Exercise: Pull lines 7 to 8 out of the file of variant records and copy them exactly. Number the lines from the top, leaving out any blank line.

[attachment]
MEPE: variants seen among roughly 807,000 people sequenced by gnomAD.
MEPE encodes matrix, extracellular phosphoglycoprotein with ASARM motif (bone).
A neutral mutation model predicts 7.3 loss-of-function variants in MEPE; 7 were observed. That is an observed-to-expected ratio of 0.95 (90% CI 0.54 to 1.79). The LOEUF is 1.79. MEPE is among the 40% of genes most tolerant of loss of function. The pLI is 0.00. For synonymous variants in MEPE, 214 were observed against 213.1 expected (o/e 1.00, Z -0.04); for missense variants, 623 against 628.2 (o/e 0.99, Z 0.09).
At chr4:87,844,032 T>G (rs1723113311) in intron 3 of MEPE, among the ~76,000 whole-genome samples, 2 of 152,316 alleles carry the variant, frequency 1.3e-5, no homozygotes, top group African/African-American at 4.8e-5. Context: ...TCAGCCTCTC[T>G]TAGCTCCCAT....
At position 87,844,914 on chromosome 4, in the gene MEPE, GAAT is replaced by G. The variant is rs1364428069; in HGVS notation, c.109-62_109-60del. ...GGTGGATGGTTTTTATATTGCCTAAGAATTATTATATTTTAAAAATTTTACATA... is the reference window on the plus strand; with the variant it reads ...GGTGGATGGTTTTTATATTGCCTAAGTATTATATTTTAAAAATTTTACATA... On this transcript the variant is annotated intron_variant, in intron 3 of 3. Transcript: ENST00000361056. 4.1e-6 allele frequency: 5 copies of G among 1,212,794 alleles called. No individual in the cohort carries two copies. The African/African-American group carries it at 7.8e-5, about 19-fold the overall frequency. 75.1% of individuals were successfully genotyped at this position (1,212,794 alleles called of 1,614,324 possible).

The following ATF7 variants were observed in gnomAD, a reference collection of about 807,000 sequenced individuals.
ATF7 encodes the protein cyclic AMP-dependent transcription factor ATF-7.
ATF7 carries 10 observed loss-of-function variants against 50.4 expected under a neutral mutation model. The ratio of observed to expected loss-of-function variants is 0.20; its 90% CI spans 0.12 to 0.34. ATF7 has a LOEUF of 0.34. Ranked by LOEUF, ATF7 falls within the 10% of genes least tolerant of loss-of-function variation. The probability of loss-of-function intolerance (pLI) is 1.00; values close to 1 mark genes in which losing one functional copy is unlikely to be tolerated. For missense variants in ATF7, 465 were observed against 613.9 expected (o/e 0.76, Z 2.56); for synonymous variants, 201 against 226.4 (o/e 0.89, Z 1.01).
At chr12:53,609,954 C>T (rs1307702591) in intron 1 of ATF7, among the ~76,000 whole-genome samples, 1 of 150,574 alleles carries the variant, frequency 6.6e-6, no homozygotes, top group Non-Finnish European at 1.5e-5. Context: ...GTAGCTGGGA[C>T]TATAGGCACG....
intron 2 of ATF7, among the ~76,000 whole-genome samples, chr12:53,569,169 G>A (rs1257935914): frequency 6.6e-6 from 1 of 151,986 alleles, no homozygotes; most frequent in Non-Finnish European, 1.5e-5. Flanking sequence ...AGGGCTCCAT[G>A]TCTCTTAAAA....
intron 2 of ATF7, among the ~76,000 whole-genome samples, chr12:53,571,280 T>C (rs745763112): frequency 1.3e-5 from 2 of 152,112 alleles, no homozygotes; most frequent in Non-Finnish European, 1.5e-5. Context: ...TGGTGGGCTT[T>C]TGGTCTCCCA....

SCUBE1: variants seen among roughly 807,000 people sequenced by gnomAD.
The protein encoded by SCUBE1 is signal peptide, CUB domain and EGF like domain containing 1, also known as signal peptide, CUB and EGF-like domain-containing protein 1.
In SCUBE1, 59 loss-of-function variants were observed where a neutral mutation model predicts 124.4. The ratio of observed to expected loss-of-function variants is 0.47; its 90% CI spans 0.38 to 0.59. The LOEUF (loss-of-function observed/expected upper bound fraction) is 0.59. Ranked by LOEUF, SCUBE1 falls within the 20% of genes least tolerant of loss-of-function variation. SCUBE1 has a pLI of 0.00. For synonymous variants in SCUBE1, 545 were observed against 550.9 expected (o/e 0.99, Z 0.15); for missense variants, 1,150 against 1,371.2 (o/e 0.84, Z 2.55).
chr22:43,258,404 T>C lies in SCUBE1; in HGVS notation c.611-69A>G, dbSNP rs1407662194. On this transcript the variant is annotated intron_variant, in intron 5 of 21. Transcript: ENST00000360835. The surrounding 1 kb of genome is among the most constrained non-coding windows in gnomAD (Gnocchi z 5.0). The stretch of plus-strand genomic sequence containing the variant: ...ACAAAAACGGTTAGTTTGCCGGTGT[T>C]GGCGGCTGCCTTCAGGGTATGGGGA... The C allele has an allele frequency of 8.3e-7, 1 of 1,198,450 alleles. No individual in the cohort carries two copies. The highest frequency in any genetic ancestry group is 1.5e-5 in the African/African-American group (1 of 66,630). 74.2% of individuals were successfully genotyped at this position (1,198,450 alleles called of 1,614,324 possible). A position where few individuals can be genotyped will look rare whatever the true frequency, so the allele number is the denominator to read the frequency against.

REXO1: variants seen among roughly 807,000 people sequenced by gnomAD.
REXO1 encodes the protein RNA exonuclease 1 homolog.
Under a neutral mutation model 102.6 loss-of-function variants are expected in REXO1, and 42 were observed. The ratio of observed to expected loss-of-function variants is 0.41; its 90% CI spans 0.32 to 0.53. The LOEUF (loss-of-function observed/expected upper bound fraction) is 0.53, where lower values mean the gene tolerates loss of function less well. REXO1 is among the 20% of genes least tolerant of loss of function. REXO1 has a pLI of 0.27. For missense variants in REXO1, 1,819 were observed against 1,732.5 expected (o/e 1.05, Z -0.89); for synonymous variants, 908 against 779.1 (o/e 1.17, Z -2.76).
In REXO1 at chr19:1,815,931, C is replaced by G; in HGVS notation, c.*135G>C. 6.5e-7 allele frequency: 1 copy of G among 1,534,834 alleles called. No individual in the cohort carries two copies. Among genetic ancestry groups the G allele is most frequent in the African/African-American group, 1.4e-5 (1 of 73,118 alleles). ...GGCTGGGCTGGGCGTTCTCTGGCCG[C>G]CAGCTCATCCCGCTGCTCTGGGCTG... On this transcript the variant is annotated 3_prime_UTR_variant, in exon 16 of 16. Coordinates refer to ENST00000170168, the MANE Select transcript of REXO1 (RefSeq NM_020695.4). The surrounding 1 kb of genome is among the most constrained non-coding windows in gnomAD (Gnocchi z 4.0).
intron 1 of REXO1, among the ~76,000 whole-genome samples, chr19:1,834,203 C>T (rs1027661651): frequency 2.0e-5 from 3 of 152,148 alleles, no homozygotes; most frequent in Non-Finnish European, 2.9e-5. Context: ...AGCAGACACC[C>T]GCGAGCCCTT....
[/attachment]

ATF7 encodes the protein cyclic AMP-dependent transcription factor ATF-7.
ATF7 carries 10 observed loss-of-function variants against 50.4 expected under a neutral mutation model. The ratio of observed to expected loss-of-function variants is 0.20; its 90% CI spans 0.12 to 0.34. ATF7 has a LOEUF of 0.34. Ranked by LOEUF, ATF7 falls within the 10% of genes least tolerant of loss-of-function variation. The probability of loss-of-function intolerance (pLI) is 1.00; values close to 1 mark genes in which losing one functional copy is unlikely to be tolerated. For missense variants in ATF7, 465 were observed against 613.9 expected (o/e 0.76, Z 2.56); for synonymous variants, 201 against 226.4 (o/e 0.89, Z 1.01).